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7

THE COLONY

Cape Town. 1808.

211 years before my wakening.

 

 

 

 

 

It was a breeze that woke Jenny that morning, a cool Cape one that blew then like it had blown for million years, a million come and gone like the evolution that had birthed this phenomenon, this genetic mutation, this gift, this curse that just like it did for her mother, changed her life. For this here was her wakening. This was its beginning.

 

 

Beneath her, soft white sand pushed up against her white frock, softer than the mattress that had cradled her to sleep. It was not a dream. Dreams slip from you, and then return to slip from you again until inevitably you wake – but this was not a dream. This was as real as if her dad had gently picked her up the evening before and, while she slept, smuggled her to the seaside and lay her there gently before she woke. At least that’s how she described it in her memoirs and I can only imagine her panic when she stood and realised that neither Mom nor Dad were there with her. She was alone on that beach.

In the distance, table flat, with fog creeping around its edges was a very recognisable place. Not that Jenny had ever been to Cape Town before; she knew it only from a painting above her kitchen stove but then, far from that kitchen, inexplicably, Table Mountain sprawled out above her thousands of kilometres from home, from the dry bush of her Rhodesia where she had, as far she could remember, fallen asleep the night before. So why, she thought, why on this day had she awoken there and why, she wondered, had she awoken in a time long before her own? Was she, as instinct whispered it to her then, a traveller like her mother? And was she, like her mother, preparing for the curse that was the never-ending wake? Indeed. As all travellers can, she could feel it. This was her wakening.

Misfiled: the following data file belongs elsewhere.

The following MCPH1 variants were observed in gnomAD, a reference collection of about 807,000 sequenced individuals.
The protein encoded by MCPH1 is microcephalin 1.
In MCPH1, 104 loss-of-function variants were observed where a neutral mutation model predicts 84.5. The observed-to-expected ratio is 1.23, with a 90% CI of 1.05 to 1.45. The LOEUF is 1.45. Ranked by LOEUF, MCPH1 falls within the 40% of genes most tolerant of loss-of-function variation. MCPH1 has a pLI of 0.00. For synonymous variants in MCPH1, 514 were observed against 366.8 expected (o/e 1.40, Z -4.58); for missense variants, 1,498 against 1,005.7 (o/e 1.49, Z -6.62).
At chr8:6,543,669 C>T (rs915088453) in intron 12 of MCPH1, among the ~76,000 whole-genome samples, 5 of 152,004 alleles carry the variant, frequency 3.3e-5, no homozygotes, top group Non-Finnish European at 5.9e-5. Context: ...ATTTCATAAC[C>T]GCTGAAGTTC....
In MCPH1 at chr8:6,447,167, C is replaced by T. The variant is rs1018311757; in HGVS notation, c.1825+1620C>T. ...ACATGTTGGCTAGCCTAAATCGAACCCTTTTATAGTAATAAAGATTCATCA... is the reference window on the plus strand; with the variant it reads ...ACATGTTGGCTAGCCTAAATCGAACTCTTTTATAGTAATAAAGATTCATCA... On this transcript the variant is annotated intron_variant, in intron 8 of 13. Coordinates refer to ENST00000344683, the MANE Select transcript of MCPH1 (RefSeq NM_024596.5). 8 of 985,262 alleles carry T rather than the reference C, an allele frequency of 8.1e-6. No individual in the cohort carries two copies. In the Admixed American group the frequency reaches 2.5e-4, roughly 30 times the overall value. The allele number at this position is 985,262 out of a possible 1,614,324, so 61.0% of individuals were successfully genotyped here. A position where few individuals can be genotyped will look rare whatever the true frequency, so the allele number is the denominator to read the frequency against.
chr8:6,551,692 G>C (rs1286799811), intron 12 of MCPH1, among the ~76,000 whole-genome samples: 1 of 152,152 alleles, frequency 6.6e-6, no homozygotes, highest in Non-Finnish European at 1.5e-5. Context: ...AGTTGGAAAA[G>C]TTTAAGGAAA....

Now, time travel is very complicated so I will keep the next words as brief as possible.  For now, they will be all you need to understand because its complexity, if explained all at once, might besiege you. So, put as simply as I can put it, this is what should be understood for now:

As Jenny drifted off to sleep on the evening of 21 November 1950 – the evening she met the ancient woman – her eyes immediately opened on the morning of 21 November 1808. So, while her body slept in 1950, warm in her bed, an identical version of herself spawned on a Cape Town beach 142 years before then. When it did, Jenny’s mind immediately joined that version and, as if any other, she lived out that Cape day as if it was her own. At its end, when her Rhodesia self awoke the next morning on 22 November 1950, her mind rejoined that body warm in her bed and her Cape self disappeared. This process happened every night from that moment onwards and what it meant was this: Jenny was officially in her state of wake. She was alive in two parallel times, 142 years apart.

 

And what a day it must have been, her first in the colony the Cape of Good Hope that, under British rule then, was being built into the soils of our Africa.

 

[Jenny’s memoirs, written 1961]

 

I was terrified at first, alone like that, and I cried for Mom and Dad to return but they did not. So, instead of moving from there in case they did, I stayed put for what felt like an hour or so until eventually I was hungry enough to force my way down the beach towards the mountain. While walking towards it, I could make out the sails of ships at a harbour and I hoped that the people there could help me. As Mom and Dad were nowhere to be seen, they were the only ones who could.

 

As it happened, I spotted some people before then a smartly dressed group that, I found out later, were on a Sunday beach stroll. You would never have guessed it. Dresses covered the women’s ankles and the men wore high boots. It seemed silly to do so on a beach day and perhaps the young boy who accompanied them agreed because he at least had his toes in the sand. There were five of them in all two women, two men, and the barefoot boy, Henry.

 

When I approached the group, the first thing I noticed, despite their clothes, was their accents, which is significant because it is the first thing they noticed about me too. Where my English was slightly flatter and shorter, theirs was rounder, longer and more pronounced, and they immediately asked me where I was from. As I told them, I remember being inspected for fleas by one of the men and remember him being very surprised at how clean I was despite what was clearly a ‘Dutch upbringing’.